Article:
Night of the Living Dead (1968) proves that you don’t have to follow the rules to win the game. In fact with this $114,000 budget, nontraditional plot and characters and twisted climax Night of the Living Dead (1968) should have been a box office flop. Instead it is not only one of the most successful horror films ever made, it is also one of the most influential films of any genre.
Night of the Living Dead (1968) revolutionized the horror film genre. According to Almar Haflidason of the BBC, the film represented "a new dawn in horror film-making".
The film also redefined the definition of zombie. Despite the fact that the word zombie is never used in the film. In previous films, zombies was more of a victim than a villain. In Victor Halperin's White Zombie (1932) and Jacques Tourneur's I Walked with a Zombie (1943) the zombies were living human beings who had been enslaved by an evil witch doctor or mad scientist. With Night of the Living Dead (1968), the zombies became reanimated dead bodies with a voracious appetite for human flesh.
George Romero, who produced, directed and co-wrote Night of the Living Dead (1968), began his career in the film industry in the 1960s. He directed and produced television commercials and industrial films for The Latent Image, a company that he co-founded with John Russo and Russell Streiner. Tired of making commercials the three friends decided to try their hand at film making. They pull their money together and started their own production company Image Ten to produce the film. They also raised additional funds by selling shares into the production to friends and businesses at $300 a share.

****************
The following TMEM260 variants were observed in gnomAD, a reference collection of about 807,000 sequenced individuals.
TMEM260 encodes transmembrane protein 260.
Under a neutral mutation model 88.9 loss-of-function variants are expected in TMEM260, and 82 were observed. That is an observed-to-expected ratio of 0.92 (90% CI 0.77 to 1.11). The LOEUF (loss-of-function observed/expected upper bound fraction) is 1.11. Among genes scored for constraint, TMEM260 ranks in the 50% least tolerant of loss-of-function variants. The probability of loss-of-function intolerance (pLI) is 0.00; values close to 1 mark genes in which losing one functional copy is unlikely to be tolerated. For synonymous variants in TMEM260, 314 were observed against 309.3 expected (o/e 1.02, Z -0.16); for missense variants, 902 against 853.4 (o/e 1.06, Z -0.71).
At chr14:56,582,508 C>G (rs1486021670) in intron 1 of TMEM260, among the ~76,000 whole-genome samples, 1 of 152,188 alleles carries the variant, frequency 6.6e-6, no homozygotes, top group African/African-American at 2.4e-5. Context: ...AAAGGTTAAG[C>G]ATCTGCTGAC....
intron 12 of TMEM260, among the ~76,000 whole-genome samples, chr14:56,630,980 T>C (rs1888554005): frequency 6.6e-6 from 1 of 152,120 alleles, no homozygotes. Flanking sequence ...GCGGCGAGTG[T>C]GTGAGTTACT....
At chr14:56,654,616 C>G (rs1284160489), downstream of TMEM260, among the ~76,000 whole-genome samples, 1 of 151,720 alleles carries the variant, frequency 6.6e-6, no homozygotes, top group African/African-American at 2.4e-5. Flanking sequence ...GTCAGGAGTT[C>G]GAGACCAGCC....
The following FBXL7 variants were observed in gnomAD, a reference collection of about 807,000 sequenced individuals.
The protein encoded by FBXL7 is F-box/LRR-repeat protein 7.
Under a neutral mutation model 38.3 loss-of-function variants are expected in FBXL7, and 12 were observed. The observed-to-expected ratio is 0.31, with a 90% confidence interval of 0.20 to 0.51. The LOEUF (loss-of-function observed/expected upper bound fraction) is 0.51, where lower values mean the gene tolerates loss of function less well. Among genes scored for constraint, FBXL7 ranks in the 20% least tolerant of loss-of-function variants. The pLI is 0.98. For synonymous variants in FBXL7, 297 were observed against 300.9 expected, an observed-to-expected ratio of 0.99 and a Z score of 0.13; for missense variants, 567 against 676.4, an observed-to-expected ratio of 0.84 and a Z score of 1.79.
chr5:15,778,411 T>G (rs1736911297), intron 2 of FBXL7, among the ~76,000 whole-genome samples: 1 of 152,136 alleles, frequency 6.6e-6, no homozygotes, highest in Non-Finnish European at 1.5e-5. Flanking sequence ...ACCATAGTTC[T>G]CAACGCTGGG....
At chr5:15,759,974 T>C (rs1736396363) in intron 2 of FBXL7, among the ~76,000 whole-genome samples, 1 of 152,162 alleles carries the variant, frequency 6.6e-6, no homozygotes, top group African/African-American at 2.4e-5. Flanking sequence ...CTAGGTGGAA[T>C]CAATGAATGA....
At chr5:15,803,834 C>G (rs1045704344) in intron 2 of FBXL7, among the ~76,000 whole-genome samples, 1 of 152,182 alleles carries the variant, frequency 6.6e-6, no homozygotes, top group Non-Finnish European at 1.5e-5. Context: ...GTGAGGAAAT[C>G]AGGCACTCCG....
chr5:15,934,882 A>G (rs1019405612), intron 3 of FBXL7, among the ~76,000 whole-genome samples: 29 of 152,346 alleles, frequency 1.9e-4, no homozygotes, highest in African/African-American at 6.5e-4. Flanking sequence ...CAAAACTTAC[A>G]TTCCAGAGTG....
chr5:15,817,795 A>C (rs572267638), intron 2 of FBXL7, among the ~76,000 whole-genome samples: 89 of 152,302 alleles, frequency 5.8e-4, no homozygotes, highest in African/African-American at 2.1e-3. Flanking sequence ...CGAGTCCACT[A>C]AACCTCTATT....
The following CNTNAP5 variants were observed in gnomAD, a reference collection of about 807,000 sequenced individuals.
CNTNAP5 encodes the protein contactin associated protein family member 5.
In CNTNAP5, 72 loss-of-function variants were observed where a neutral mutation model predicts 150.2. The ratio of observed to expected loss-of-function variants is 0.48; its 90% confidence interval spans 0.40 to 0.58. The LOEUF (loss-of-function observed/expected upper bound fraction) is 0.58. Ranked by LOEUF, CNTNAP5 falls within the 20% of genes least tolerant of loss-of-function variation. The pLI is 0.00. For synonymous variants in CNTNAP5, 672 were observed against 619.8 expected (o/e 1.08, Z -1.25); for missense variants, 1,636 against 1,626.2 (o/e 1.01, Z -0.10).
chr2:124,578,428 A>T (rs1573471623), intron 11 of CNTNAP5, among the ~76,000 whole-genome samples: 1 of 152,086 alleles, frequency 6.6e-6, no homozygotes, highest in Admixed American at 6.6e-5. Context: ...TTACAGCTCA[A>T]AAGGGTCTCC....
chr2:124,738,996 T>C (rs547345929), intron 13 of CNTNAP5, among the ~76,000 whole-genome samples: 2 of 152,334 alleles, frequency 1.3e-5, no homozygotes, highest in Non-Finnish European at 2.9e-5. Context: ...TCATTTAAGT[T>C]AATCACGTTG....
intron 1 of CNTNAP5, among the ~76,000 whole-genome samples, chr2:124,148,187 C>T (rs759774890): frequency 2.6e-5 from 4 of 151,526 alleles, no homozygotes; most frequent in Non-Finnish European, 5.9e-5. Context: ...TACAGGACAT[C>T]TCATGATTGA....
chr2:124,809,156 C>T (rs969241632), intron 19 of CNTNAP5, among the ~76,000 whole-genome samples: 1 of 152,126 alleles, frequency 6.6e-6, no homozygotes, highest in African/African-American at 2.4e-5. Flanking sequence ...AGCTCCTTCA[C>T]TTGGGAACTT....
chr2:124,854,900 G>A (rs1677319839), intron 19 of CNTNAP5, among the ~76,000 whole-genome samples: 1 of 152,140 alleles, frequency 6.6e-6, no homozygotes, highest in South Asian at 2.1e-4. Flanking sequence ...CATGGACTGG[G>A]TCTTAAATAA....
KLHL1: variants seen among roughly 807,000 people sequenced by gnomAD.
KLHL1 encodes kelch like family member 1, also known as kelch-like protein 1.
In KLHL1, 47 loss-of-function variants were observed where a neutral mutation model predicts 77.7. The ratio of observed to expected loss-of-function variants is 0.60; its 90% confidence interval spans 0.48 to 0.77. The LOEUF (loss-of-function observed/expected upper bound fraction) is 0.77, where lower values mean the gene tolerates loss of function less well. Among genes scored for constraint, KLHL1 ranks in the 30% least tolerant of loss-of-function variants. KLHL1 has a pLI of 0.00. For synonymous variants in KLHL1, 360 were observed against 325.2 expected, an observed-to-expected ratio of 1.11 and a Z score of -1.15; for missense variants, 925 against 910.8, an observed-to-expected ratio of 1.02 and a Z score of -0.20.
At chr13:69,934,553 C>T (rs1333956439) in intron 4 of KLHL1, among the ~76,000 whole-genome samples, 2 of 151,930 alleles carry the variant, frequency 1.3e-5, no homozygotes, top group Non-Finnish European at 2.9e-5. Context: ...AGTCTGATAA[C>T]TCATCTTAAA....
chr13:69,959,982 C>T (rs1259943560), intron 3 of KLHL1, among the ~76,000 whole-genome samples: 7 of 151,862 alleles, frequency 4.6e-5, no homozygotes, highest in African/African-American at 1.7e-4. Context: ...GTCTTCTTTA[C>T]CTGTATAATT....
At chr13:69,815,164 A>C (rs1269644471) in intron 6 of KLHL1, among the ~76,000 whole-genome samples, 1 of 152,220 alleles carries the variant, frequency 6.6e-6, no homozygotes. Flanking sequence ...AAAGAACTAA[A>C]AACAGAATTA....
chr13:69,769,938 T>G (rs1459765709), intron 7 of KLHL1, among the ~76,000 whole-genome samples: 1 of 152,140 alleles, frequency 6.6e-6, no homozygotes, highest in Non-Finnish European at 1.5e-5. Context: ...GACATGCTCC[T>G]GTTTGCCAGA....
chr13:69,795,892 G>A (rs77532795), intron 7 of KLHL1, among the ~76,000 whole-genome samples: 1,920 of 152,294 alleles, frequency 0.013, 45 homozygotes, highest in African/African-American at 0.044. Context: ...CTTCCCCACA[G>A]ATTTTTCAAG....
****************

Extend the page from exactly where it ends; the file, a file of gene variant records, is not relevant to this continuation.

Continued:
Romero stated that Herk Harvey's Carnival of Souls (1962) was a big influence on the film. The writers decided to make their zombies cannibals to provide more shock valve to the film. In fact Night of the Living Dead (1968)is noted for being one of the first films to depict graphic violence on screen.
One of the working titles for this film was "Night of the Flesh Eaters". Originally, the zombies were extraterrestrials feeding on humans, but it was later decided (most likely due to budget considerations) that the dead would rise and feed on the living.
With a limited budget of $114,000 the filmmakers were forced to think outside the box and to make adjustments in the storyline were necessary. For example, the filming of the cemetery scene was shot on two different days, an unexpected accident caused a fast change of script. The car driven by Barbara and Johnny into the cemetery was owned by the mother of co-producer Russell Streiner. Sometime between the two filming scenes, someone ran into the car and put a dent in it that would have been visible on camera. Romero rewrote the scene so the car would come to a stop by crashing into a tree.
The house in the film was scheduled to be demolished so the owner loaned the house to the
Like most low budget independent films cast and crew preformed several task during production. Actor/co-producer Karl Hardman who played Harry Cooper, the father in the basement, also served as makeup artist, electronic sound effects engineer, and took the photos used for the closing credits. S. William Hinzman and Karl Hardman, two of the original $300 investors were cast due to a shortage of talent. Another investor, who was actually a butcher, provided some blood and guts for the film. When the zombies are eating the bodies in the burnt-out truck they were actually eating roast ham covered in chocolate sauce. The joke on the set that it was so nauseating that it was a waste of time putting the makeup on the zombies, as they were looking pale and sick anyway after filming the scene.